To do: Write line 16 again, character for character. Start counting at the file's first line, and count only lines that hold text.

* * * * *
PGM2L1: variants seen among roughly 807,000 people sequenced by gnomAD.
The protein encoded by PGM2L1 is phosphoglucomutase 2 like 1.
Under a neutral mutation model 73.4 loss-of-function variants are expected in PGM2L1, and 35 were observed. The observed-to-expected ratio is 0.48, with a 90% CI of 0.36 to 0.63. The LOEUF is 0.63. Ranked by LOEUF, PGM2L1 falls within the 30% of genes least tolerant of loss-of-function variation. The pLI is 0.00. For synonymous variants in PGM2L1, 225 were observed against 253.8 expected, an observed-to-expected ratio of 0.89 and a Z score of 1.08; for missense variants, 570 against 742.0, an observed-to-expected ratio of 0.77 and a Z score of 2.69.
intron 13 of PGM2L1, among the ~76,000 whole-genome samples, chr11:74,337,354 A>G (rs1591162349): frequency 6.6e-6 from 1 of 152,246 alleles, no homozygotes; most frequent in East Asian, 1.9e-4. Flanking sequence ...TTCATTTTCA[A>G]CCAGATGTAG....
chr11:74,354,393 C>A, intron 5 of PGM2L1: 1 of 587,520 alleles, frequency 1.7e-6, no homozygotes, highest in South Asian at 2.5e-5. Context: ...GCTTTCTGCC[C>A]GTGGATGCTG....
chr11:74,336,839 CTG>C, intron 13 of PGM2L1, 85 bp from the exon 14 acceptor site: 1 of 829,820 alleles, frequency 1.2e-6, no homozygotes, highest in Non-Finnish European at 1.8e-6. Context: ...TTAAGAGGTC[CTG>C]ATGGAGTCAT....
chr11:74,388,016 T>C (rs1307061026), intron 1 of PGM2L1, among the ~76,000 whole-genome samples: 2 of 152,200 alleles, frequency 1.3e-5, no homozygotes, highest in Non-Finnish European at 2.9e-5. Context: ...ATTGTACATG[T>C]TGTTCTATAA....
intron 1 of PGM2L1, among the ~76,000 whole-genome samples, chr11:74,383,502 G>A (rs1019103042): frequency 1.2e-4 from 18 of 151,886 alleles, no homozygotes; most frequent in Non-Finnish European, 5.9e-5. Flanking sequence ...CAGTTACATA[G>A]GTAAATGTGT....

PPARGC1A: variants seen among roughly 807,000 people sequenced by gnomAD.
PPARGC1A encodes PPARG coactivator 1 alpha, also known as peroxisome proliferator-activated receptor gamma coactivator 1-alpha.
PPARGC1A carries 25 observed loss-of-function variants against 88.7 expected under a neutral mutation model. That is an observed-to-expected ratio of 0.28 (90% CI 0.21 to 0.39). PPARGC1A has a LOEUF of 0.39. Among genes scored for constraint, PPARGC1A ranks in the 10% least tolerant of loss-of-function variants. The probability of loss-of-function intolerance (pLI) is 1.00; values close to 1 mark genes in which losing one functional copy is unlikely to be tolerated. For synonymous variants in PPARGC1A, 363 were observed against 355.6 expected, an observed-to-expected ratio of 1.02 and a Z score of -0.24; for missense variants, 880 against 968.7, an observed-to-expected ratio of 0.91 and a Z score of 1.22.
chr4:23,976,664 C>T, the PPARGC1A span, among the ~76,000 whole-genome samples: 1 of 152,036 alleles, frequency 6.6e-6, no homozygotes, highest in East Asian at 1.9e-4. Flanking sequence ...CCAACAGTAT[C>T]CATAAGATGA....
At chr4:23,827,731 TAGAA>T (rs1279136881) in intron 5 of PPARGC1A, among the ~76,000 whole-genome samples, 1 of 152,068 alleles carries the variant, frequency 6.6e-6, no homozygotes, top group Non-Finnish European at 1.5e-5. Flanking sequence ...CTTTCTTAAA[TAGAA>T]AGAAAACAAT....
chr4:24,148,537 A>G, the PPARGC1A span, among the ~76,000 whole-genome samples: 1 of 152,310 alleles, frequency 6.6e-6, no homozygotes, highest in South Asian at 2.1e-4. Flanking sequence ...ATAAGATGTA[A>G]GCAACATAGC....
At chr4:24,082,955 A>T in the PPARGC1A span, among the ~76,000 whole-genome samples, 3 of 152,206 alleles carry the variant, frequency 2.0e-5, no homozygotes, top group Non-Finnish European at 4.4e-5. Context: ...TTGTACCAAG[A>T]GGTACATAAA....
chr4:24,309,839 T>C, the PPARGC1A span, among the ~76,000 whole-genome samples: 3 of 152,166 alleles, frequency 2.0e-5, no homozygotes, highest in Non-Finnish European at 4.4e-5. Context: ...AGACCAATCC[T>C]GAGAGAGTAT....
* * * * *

chr4:24,309,839 T>C, the PPARGC1A span, among the ~76,000 whole-genome samples: 3 of 152,166 alleles, frequency 2.0e-5, no homozygotes, highest in Non-Finnish European at 4.4e-5. Context: ...AGACCAATCC[T>C]GAGAGAGTAT....